AMAC Exclusive – By Louis J. Senn
In recent weeks, Republican and Democrat lawmakers as well as top national security officials within the Biden administration have raised serious concerns that the Chinese government may be using TikTok, a popular social media app, to harvest and weaponize data from American users – something that former President Donald Trump warned about back in 2020. But even as Biden’s own advisors raise the alarm about the seriousness of this threat, he has stubbornly refused to take action.
TikTok was launched in 2016 and is owned by Chinese company ByteDance. It quickly rose to become the fastest growing app of all time, and has roughly 100 million downloads in the United States. More than two thirds of American teens are on the platform, which allows users to create short videos accompanied by popular songs or soundbites.
However, the app’s Chinese roots have lawmakers and foreign policy experts worried that the app could pose a serious threat to U.S. national security. According to a 2017 Chinese law, all Chinese businesses are required to assist the Chinese government with intelligence gathering and must share all of their data with Beijing. In practice, this could mean that ByteDance transmits to the Chinese government sensitive information collected from users’ phones that the CCP could use to build files on American users for blackmail, espionage, or other nefarious purposes. With many elected Democrats as well as high-ranking Biden administration officials on the platform, the idea that the Chinese government may be able to remotely access virtually all the information on any phone with TikTok downloaded on it should be deeply concerning.
Earlier this month, Senator Marco Rubio (R-FL) and Representative Mike Gallagher (R-WI) introduced legislation which would ban TikTok and other Chinese-owned social media companies from operating in the United States. Senator Tom Cotton similarly tweeted that “Tik Tok is one of the most massive surveillance programs ever.” In an appearance on Fox News Sunday last week, Virginia Democrat Senator Mark Warner echoed that sentiment, saying that “TikTok is an enormous threat… all of that data that your child is inputting and receiving is being stored somewhere in Beijing.” Even the Director of the FBI said earlier this month that he was “extremely concerned” about the danger posed by TikTok to control data collection on millions of users.”
While fresh revelations about just how much data TikTok could be harvesting have thrust the debate over the app back into the national spotlight, national security concerns posed by the platform are nothing new. In August 2020, President Trump attempted to ban TikTok through an executive order. In his order, Trump cited the risks the app posed to national security due to TikTok’s automatic collection of “vast swaths of information from its users, including internet and other network activity information such as location data and browsing and search history.”
In response, TikTok successfully filed suit to prevent the order from going into effect. Even after the election, as late as December 2020, the Trump administration was continuing to try to find a U.S. company to purchase TikTok’s American business in order to protect Americans’ data.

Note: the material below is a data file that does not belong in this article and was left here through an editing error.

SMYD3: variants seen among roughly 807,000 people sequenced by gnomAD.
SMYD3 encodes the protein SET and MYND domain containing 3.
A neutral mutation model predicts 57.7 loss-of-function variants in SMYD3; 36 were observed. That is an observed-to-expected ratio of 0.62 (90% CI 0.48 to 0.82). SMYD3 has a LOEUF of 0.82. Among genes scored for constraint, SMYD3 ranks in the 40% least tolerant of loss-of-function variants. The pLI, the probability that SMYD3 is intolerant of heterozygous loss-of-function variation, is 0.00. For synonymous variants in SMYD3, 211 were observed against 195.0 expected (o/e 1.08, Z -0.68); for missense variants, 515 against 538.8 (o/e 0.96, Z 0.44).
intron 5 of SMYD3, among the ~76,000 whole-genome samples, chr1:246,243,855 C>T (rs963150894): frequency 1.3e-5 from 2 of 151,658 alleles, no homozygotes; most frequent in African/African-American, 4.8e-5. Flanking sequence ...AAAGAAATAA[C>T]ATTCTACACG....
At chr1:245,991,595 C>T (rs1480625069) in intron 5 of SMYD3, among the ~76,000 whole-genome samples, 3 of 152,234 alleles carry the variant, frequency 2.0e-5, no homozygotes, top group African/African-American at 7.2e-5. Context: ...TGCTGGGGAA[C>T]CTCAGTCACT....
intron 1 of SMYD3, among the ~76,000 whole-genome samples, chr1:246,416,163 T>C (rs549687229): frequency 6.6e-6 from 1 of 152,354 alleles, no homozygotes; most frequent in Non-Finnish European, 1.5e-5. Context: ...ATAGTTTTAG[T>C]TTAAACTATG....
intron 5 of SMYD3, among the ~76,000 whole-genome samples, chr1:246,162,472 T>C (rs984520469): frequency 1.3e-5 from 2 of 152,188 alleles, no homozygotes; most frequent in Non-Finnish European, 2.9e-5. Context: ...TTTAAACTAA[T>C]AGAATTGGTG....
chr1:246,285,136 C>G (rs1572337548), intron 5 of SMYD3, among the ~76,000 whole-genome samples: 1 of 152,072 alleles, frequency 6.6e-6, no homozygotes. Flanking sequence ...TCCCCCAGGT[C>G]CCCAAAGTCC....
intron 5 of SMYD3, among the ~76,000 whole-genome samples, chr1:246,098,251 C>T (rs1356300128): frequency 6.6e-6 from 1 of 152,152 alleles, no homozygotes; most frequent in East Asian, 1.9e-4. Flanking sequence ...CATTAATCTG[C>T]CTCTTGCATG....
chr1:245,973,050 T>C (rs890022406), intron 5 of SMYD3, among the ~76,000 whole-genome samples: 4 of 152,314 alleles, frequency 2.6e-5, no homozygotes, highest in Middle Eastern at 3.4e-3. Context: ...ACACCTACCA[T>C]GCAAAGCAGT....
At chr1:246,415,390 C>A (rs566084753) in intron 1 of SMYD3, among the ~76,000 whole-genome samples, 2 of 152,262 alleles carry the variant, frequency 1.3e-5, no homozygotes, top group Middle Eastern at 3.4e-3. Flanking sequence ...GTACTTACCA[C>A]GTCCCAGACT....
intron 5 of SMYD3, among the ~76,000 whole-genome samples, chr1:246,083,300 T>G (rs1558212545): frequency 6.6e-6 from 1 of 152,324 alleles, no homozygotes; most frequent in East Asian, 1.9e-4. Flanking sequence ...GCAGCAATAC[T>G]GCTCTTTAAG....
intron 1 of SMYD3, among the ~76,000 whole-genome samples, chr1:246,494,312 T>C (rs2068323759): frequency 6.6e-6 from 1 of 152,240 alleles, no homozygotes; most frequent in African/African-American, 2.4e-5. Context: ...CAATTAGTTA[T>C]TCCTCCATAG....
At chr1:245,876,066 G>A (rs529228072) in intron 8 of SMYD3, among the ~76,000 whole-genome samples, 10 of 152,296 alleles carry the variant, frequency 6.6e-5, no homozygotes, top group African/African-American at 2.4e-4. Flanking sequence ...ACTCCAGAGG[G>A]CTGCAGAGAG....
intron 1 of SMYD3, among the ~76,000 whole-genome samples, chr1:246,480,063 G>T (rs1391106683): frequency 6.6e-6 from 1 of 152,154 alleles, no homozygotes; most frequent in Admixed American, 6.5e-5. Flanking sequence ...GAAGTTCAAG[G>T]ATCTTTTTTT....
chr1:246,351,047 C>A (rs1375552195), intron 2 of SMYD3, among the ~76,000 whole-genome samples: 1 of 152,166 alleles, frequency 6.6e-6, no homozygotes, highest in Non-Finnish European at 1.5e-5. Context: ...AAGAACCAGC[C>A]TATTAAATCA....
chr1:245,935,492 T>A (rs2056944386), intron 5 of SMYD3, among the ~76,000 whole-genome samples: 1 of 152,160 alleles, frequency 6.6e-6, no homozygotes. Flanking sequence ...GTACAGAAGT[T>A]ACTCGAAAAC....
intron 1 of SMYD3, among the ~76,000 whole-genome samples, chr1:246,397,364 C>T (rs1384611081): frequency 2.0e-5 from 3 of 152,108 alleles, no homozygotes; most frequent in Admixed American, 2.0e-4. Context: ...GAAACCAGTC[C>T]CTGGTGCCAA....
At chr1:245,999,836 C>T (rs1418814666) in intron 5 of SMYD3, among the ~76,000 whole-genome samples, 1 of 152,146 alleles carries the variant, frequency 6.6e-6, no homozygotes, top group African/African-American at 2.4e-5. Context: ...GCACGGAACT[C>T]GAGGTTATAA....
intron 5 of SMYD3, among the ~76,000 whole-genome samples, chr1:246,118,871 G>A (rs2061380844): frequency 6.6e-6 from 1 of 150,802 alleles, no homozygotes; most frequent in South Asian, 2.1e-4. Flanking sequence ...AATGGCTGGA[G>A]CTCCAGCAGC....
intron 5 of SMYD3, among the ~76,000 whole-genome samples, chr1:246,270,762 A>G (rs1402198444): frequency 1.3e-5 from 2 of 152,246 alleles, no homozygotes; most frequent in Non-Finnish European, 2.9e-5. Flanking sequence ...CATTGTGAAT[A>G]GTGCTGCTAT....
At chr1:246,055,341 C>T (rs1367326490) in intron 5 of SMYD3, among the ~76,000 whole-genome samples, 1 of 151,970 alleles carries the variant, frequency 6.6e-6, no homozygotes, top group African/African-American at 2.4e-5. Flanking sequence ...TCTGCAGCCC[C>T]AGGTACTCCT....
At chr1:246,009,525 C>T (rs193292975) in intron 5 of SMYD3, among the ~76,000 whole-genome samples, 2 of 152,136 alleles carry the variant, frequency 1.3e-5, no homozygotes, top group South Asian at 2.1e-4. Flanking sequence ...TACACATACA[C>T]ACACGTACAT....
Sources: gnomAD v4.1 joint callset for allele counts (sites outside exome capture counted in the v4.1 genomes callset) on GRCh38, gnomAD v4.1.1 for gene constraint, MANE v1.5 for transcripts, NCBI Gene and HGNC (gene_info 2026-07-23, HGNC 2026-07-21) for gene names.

However, soon after taking office, President Biden reversed course and paved the way for TikTok to continue its U.S. operations. In July 2021, the Biden Administration and TikTok filed a mutual request to drop the lawsuit between the two parties stemming from Trump’s original executive order.
But that didn’t stop the damning stream of revelations about TikTok’s U.S. operations. Through leaked audio in June, ByteDance employees revealed that employees in China had access to all of the data. This seemingly contradicts TikTok’s assurances otherwise. After the leaks and other subsequent reports, this revelation led FCC commissioner Brendan Carr to request that Apple and Google remove TikTok from their respective app stores, stating that: “TikTok is not just another video app. That’s the sheep’s clothing. It harvests swaths of sensitive data that new reports show are being accessed in Beijing.”
Instead of taking action to address these serious concerns, Joe Biden only further embraced the platform – especially as the midterms approached and Democrats desperately needed high turn-out among the younger demographics who predominantly use the platform. In March, the White House infamously provided a briefing to “TikTok stars” on the war in Ukraine, hoping that the top users would peddle the administration’s version of events to their millions of followers. Then, in October, the White House again hosted nearly two dozen TikTok creators in an effort to sell its midterm message to young voters who are more likely to vote Democrat. This strategy led even the normally friendly Washington Post to call Biden and TikTok an “odd couple,” acknowledging that the White House views TikTok as an important political tool in spite of the national security risks it poses.
Democrats’ reliance on TikTok to communicate with younger voters raises other important questions about the potential for China to manipulate the social media feeds of millions of Americans to influence election outcomes.
Americans deserve to know that their government is committed to preventing foreign powers from harvesting their personal data for nefarious political purposes. They should feel confident using the internet without fear that they are serving the interests of U.S. adversaries. But until Biden ends his détente with TikTok – a détente driven, by all indications, for pure political gain – one of the world’s most popular social media platforms will remain an enormous vulnerability to U.S. national security.
Louis J. Senn is a lawyer living in Louisville, Kentucky. He previously served in the Trump administration.
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